Patent Trolls in the White House!
Tangible IP, LLC


The recent White House issuance of five executive actions and seven legislative recommendations to address the current patent assertion landscape is described in such terms as President Obama Wallops the Patent Trolls and Taking on Patent Trolls to Protect American Innovation. Couched in such terms, one might conclude that the White House’s move will have significant impact on abuses of the patent system or save American innovation. The executive actions and legislative proposals may improve the overall operation and quality of the patent system. Yet, the effect of the White House efforts is possibly less drastic than many media headlines would suggest. Despite targeting “patent trolls,” any impact would affect all patent holders and consumers similarly.
A simple way to understand the White House executive actions and legislative proposals is to look at their overall aim. The underlying goals appear to be: Transparency, Leveling the Stakes Between Patent Assertion Entities and Their Targets, Resolving Ambiguity and Increasing Scrutiny of Software Related Inventions, Improving Patent Enforcement. Note that the White House may have split the difference between different sides of the patent debate. While the first 3 categories appear to weaken so called abuses of the patent system, category 4 seems to strengthen patent enforcement. Hence, if patent holders can overcome any hurdles presented by the first 3 categories, they’ll benefit from category 4. As they say, what doesn’t kill a patent may make it stronger.

  • Legislative Recommendation- Require patentees and applicants to disclose the “Real Party-in-Interest.” This is aimed at NPEs who have traditionally used ghost shell companies to go after infringers.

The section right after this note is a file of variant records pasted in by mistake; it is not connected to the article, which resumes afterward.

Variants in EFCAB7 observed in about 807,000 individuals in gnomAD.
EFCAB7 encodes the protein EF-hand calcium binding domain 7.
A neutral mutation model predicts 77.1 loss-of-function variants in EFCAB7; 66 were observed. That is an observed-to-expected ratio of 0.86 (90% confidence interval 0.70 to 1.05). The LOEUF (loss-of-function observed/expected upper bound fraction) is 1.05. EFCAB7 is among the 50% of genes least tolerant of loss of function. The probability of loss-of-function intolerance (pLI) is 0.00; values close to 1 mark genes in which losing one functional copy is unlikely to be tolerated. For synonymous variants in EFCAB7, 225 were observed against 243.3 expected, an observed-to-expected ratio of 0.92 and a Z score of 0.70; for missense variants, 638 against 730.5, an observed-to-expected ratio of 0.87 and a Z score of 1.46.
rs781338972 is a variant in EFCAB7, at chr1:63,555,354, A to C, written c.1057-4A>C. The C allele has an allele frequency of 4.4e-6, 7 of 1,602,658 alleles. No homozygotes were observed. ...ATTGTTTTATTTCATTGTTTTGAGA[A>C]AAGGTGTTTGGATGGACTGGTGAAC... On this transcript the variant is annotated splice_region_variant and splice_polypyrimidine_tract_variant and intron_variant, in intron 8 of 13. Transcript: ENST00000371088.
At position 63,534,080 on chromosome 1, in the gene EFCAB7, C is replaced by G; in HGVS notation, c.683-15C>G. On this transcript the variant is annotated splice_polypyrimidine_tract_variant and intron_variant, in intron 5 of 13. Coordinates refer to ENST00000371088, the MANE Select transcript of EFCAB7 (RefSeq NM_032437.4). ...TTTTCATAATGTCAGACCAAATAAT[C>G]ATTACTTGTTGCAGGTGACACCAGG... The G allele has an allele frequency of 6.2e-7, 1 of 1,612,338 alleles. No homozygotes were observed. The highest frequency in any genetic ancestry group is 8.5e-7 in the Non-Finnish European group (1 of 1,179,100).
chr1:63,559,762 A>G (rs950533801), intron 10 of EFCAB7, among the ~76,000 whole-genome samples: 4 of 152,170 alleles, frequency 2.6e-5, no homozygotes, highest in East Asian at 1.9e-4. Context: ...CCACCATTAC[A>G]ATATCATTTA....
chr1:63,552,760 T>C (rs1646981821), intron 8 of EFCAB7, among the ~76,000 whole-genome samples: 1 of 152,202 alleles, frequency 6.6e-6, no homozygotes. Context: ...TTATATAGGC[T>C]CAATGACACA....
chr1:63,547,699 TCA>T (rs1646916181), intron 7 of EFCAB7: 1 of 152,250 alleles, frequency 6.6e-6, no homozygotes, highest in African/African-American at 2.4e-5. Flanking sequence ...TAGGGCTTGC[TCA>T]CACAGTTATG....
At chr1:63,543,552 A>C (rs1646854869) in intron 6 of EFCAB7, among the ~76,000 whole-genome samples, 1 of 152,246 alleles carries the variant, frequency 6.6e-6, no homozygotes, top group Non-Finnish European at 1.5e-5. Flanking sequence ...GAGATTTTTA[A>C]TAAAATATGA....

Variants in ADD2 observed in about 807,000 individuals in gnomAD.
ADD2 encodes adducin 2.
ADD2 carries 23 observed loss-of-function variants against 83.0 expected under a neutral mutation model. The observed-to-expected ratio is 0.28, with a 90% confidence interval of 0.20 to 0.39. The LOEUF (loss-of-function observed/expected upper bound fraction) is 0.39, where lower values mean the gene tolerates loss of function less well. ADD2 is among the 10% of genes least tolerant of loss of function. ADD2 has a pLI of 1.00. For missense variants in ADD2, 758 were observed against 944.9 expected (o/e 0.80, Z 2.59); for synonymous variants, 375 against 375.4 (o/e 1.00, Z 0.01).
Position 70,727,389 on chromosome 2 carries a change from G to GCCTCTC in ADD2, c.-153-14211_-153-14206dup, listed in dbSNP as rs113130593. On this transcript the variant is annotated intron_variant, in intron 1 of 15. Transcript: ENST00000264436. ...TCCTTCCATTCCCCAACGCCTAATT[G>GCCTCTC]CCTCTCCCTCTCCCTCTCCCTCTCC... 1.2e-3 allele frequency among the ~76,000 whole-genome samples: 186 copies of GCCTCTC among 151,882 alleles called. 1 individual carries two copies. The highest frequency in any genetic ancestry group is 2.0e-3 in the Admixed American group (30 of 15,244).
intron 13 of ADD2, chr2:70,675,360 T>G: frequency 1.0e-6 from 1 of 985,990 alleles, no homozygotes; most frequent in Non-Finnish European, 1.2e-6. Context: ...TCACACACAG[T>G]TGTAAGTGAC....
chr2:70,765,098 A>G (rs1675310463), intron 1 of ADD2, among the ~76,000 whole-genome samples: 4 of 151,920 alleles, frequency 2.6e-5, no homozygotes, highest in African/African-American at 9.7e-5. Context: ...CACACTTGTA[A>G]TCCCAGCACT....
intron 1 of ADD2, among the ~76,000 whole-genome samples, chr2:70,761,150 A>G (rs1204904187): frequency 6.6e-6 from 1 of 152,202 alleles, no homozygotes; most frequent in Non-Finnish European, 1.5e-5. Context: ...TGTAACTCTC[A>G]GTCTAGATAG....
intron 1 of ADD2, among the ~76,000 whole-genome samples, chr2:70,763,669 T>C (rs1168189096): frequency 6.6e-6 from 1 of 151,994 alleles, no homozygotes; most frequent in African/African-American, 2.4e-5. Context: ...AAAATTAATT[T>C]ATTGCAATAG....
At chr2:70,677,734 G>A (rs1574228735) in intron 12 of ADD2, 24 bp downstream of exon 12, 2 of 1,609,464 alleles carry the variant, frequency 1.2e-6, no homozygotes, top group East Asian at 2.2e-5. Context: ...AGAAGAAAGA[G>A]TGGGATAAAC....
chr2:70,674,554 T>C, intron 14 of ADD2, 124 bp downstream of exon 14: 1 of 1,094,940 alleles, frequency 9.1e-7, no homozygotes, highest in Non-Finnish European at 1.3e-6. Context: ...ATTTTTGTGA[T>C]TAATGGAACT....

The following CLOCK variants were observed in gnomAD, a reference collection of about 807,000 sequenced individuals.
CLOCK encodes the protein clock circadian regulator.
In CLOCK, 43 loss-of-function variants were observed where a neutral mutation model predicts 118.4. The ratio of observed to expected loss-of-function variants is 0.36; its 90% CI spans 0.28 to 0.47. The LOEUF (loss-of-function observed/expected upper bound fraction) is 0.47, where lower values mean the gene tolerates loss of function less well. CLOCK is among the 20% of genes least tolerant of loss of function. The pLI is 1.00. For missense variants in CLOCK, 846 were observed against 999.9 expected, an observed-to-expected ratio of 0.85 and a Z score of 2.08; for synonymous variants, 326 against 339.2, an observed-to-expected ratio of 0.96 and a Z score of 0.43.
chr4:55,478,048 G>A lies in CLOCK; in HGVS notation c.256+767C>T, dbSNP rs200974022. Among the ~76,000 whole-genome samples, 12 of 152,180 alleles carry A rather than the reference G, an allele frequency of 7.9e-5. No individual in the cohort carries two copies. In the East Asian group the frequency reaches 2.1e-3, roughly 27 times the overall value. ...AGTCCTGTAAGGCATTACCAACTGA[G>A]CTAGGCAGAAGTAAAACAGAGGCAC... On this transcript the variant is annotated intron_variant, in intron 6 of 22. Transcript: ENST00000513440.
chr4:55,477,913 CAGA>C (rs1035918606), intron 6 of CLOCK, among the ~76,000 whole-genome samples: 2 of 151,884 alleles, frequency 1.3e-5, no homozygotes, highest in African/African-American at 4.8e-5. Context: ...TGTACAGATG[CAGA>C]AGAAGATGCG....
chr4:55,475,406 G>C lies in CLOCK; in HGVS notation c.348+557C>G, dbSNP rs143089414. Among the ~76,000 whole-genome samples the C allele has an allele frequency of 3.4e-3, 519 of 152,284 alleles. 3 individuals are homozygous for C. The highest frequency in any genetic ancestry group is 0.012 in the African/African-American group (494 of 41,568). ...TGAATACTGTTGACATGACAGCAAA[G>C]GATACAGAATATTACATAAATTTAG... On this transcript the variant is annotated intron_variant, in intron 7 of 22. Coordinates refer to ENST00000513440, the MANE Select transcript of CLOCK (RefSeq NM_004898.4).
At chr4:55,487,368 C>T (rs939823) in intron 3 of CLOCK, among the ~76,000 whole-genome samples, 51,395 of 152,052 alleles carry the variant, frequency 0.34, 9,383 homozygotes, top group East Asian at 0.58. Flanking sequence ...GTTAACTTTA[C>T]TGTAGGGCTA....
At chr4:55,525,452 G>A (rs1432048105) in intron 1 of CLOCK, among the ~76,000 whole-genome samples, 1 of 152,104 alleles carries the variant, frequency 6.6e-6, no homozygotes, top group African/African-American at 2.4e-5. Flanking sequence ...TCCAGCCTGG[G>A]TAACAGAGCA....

• Use demand letter transparency to help curb abusive suits (such as publishing demand letters).
Leveling the Stakes Between Patent Assertion Entities and Their Targets
  • Permit more discretion in awarding fees to prevailing parties in patent cases,
  • Protect off-the-shelf use by consumers and businesses (against patent assertion).
Resolving Ambiguity and Increasing Scrutiny of Software Related Inventions
  • Expand the PTO’s [AIA] transitional program for covered business method patents (to include a broader category of computer-enabled patents)
Improving Patent Enforcement
  • Change the ITC standard for obtaining an injunction (to align with federal court standard of eBay Inc. v. MercExchange). This would remove some of the threat of having one’s goods immobilized at customs, which is tantamount to an injunction when products (such as Apple’s iPhones) are imported from Asia.
  • Ensure the ITC has adequate flexibility in hiring (qualified Administrative Law Judges).
  • Making “Real Party-in-Interest” the New Default.  
  • Expanding Dedicated Outreach and Study.  
Leveling the Stakes Between Patent Assertion Entities and Their Targets
  • Empowering Downstream Users (about rights against patent assertion).  
Resolving Ambiguity and Increasing Scrutiny of Software Related Inventions
  • Tightening Functional Claiming (particularly in the area of software).  
Improving Patent Enforcement
  • Strengthen Enforcement Process of Exclusion Orders (at the ITC). 
Overall, the White House executive actions and legislative proposals may be beneficial for the patent market because they target underlying problems in the patent landscape in a systematic manner. Although “patent trolls are the purported linchpin for the move, none of the actions nor proposed legislative ideas target patent trolls per se by singling them out from other kinds of patent holders. The White House described “patent trolls” as non-practicing entities that “hijack” the patent system. By moving forward on ambiguous definitions, there was little basis on which to tailor measures against non-practicing entities. The White House could have released the executive actions and legislative proposals by framing the issues as addressing the overall patent market.
Ultimately, there is so much  the White House can do as it knows full well that it is constrained by the fundamental property title conferred to the patent owner, whereas or not it doubles as the inventor.

Louis Carbonneau, Founder & CEO
Louis Carbonneau, Founder & CEO
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